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Generally Recognized As True: Old-fashioned apple & berry crumble

Sunday, April 13, 2008

Old-fashioned apple & berry crumble

This is a rather traditional English dessert, and it's one of the easiest baked desserts to make that doesn't come from a can. By "old-fashioned", I mean that no effort has been made to compromise this recipe for health reasons. Meaning it tastes very good.

I'll start with a picture. I don't make much effort to tidy things up. I like real food that looks somewhat rustic. Here's the picture, taken after cooling and the berry juice had stopped bubbling through the surface:

So, I said it was simple. And here's how you make it. You need:

  • 175 g all-purpose white flour: or cake & pastry flour, since the "crumble" part is essentially an unhydrated pastry
  • 75 g butter: I'm not sure if you could substitute margarine. It stops being "old fashioned" if you do! And margarine usually doesn't do much good for pastry, so maybe it's not a good idea.
  • 60 g sugar: regular, granulated sugar. You may want to adjust up or down depending on what type of fruit you're using. I'm using berries and 1 apple, which are rather sweet, so I only used 60g.
  • 30g castor sugar (optional): castor sugar is a very fine granulated sugar
  • 1 lb. fruit: I used a defrosted frozen berry mixture (blueberries, raspberries, blackberries, strawberries) and 1 fresh gala apple, roughly cut into 1" cubes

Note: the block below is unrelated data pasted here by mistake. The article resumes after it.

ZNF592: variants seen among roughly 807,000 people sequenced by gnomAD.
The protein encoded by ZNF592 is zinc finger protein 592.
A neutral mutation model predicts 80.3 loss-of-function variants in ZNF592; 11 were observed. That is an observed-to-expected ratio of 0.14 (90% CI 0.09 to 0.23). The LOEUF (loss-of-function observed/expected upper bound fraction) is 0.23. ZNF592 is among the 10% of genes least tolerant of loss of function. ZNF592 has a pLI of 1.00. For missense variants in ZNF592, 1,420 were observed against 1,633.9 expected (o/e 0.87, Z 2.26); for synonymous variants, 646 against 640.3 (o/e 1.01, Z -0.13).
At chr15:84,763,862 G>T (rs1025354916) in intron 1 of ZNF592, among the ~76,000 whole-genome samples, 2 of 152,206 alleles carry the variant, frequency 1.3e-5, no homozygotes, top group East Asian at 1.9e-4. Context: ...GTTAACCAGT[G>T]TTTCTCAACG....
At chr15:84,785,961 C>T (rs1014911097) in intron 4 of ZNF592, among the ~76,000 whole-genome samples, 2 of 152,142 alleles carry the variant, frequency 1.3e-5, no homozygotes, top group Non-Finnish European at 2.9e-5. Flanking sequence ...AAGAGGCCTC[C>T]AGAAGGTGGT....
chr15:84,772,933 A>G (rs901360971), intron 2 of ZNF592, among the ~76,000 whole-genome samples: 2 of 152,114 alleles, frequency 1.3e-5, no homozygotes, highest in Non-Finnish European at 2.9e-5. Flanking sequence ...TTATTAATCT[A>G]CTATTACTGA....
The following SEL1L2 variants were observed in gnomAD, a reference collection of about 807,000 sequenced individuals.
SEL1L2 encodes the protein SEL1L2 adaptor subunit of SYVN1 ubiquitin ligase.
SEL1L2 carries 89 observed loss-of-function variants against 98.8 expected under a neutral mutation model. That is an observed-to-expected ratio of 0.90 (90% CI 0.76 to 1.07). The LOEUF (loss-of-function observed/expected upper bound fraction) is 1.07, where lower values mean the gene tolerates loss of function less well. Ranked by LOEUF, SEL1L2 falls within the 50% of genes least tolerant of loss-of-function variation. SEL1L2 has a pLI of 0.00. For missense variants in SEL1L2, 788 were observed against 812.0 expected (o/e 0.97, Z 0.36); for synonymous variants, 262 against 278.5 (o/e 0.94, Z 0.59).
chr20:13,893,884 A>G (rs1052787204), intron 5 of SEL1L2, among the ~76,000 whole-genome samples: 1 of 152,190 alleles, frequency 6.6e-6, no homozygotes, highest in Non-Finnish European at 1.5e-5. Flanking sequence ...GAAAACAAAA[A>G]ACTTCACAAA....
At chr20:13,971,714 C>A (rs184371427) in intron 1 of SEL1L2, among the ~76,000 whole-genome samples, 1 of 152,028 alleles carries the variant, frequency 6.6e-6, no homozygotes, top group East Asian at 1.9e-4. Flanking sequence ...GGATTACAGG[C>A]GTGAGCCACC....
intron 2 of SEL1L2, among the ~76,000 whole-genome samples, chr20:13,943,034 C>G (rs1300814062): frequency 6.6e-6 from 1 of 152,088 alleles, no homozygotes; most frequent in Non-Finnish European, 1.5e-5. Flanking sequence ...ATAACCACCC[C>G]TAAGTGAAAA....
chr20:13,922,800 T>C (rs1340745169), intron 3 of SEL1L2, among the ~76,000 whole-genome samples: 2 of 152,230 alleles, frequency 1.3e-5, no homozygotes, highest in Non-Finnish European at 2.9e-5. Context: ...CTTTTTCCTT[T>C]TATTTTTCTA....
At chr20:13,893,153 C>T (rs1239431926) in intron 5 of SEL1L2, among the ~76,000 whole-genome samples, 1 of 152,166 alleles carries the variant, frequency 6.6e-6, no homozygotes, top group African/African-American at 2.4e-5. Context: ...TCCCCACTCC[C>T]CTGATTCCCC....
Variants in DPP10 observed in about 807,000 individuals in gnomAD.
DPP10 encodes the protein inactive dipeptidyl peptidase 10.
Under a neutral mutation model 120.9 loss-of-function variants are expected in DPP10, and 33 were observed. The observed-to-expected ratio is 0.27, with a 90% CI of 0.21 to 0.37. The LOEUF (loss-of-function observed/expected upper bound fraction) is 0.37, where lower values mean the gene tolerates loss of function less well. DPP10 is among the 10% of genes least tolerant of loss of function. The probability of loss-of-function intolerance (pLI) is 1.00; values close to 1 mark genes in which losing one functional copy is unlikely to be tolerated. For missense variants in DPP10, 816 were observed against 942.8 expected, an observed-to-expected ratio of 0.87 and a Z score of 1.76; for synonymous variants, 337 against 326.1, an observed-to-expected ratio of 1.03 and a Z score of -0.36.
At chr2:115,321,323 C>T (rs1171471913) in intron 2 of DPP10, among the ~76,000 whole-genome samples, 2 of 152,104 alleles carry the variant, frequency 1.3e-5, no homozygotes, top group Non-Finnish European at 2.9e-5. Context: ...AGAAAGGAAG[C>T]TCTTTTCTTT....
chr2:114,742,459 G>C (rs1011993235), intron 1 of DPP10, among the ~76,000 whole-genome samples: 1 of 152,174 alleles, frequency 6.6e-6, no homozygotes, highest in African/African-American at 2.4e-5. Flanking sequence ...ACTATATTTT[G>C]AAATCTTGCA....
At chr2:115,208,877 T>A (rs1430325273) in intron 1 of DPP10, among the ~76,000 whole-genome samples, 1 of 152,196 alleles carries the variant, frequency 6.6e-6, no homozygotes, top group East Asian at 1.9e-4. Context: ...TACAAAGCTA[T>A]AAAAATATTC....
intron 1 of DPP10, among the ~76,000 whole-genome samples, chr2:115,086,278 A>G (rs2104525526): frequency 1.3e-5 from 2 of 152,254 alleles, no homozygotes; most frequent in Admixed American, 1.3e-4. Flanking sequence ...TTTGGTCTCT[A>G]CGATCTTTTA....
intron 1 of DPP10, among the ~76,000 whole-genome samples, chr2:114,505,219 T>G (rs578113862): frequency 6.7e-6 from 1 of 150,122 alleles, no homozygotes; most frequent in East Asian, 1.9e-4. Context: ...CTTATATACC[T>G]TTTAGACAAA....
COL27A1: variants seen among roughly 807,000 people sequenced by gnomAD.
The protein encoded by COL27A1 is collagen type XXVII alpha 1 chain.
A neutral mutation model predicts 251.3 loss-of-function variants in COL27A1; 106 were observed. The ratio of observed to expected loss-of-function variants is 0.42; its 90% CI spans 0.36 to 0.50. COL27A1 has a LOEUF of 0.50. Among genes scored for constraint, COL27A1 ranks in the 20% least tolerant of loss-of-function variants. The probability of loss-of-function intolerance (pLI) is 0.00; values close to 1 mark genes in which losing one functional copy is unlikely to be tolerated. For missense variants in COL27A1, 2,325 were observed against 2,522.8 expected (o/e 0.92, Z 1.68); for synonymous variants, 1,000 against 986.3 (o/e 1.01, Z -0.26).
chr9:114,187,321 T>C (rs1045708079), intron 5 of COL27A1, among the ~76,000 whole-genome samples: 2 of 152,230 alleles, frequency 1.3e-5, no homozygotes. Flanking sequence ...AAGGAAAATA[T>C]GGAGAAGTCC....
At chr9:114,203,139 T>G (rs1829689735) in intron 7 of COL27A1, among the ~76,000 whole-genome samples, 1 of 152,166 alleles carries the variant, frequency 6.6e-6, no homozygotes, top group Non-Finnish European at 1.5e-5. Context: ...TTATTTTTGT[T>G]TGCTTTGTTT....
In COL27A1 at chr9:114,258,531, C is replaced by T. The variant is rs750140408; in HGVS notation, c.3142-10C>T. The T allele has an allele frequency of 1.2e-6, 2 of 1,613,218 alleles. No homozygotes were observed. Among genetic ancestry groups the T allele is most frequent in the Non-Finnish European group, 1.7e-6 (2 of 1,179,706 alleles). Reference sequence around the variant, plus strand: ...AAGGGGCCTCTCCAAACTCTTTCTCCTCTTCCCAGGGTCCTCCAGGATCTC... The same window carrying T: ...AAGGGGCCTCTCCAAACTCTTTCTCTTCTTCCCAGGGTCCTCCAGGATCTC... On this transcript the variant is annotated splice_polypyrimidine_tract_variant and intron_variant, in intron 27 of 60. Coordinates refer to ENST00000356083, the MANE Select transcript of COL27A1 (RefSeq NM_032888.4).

Pre-heat the oven to 375F.

Weigh out the flour into a bowl. Cut up the butter into little chunks and add it to the flour. Get your hands into the flour/butter mixture and massage it and squeeze it through your fingers until the whole mixture starts to resemble breadcrumbs (takes about 5 minutes or so). In lieu of using your hands, you could probably use a pastry blender.

Once done blending the flour and butter, if you're going to add castor sugar to the crumble, you can add it and stir it in. I've made crumble with and without adding any castor sugar before and it's been fine either way, but if you want a bit of extra sweetness in the topping then you can add it.

Put the fruit into a bowl suitable for baking (in the picture above, I used Pyrex) and evenly distribute the fruit in the bowl so that one type of fruit isn't concentrated in one particular area.

Evenly sprinkle the regular sugar over the fruit.

Scatter the flour/butter mixture on top of the fruit and smooth it over so that the top is roughly flat.

Bake at 375F for 45-50 minutes. When the top is a light shade of brown, it's done. As in the picture above, the juice from the fruit will probably start to bubble through the surface. This can only make it taste better!

That's all! Let it cool down a bit and then eat it. It goes very well with either English custard or vanilla ice cream.

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